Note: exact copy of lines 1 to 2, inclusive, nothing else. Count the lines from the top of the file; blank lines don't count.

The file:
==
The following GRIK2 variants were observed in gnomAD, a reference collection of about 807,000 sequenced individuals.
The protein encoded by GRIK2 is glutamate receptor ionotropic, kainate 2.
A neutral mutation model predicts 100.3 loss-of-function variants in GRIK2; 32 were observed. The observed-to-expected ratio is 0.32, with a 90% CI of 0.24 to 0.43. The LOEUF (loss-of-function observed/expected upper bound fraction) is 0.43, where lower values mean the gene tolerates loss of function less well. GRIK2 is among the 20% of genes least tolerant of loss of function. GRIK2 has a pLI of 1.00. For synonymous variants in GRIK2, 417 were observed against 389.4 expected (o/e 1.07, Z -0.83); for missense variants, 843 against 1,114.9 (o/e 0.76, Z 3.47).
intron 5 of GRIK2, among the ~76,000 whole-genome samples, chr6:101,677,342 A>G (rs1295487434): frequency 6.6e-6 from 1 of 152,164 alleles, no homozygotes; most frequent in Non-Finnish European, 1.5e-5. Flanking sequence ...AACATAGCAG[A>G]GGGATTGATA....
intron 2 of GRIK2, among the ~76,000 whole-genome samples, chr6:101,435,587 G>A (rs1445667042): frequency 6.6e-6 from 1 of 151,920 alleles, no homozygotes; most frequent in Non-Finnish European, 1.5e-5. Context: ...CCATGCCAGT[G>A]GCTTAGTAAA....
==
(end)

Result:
The following GRIK2 variants were observed in gnomAD, a reference collection of about 807,000 sequenced individuals.
The protein encoded by GRIK2 is glutamate receptor ionotropic, kainate 2.